Initially, participating practices will feel the biggest change in terms of the software’s ability to automate tasks and stimulate growth, but over time, the performance data will enable them to make informed strategic and financial decisions for greater profitability.
“The data,” Son said — “that’s where the true business value lies.”
For Son, the problem-solving aspect of the project was simultaneously overwhelming and rewarding due to the creative freedom he was given to choose the tech stack as he saw fit. The new infrastructure achieves two major goals. One, it funnels PMS data through multiple pipelines and stores it in various data lakes and warehouses for analytical and machine learning applications. And two, it provides a scalable API for large PMS data read and write operations.
Kleer’s VP of customer success, Dianna McHugh, spent the last year fielding requests from clients eager for features like the ones included in the Kleer Intelligence™ release. Throughout the development of the software, McHugh’s role was to keep the voice of Kleer’s customers front and center.
“I’m extremely hyped,” McHugh said. “Customers have been asking for some of these features for years. There are so many things we are now able to do for them that they don’t even know about yet.”
In speaking to members of the Kleer team, every single one has a palpable passion for the project, backed by an equally intense and focused professional history. Monahan worked on fighter aircraft and military drones as a mechanical and electrical engineer, then built, scaled and sold wearables startup FitLinxx, before founding Kleer. Biancaniello has a Ph.D. in physics and previously led projects in machine learning for the Defense Advanced Research Projects Agency. He also cofounded and sold a health messaging startup, SenseHealth. McHugh has proudly worked in customer success for the entirety of her decade-long career, fueled by a human-first approach to making customers happy. And Son, a Rutgers graduate with enterprise-level medtech experience, dove straight into the deep end of engineering when he took on his role at Kleer.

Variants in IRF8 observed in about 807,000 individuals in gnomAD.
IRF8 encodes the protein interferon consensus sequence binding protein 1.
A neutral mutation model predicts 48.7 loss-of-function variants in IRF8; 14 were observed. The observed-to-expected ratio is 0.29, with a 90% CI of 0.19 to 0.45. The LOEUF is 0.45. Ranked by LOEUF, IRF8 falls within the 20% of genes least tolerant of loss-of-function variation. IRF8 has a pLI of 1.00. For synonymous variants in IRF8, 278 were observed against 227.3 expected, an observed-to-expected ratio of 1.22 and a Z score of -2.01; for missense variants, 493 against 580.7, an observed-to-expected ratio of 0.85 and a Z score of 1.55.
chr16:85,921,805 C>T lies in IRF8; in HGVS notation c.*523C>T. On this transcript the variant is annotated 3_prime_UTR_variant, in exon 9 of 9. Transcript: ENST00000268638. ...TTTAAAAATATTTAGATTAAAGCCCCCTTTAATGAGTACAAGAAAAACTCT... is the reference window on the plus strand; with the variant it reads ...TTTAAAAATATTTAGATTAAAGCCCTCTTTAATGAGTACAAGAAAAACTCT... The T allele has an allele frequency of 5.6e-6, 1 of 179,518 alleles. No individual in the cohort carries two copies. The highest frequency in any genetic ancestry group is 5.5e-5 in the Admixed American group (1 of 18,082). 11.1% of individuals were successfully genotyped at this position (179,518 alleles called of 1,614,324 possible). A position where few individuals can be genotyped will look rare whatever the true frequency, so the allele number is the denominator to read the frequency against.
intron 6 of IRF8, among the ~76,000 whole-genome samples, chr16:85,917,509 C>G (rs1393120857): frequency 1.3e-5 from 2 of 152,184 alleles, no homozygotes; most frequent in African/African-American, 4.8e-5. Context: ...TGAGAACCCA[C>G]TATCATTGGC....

As the team grows, there is a wealth of opportunity for mid- to senior-level front and backend engineers, Python experts and data scientists who have an equally-rigorous work ethic, and are creative, confident and fearless.
“At this stage in our growth, we’re trying to move fast,” Biancaniello said. “ We need people who can wear many hats, work independently, who are reliable and consistent, and who are open to criticism and discussion.”
The company culture is as supportive as it is fast-paced. And everyone, even the CEO, gets their hands dirty.
“I have no problem doing the dirty work,” Monahan said. “I’ll go as deep as I need to go. Not just delegate and walk away, but provide support. When people leave here, I want them to be in a better position than they were before — I really enjoy building companies around that philosophy.”
Looking at the bigger picture, Monahan and his team take pride in the work they do at Kleer. “You’re improving access to health care,” he said. “It feels good to do this work. You make an impact.”
If you’re interested in making dental care more accessible for the masses and think you have what it takes to thrive in the fast-paced environment, check out Kleer’s career opportunities.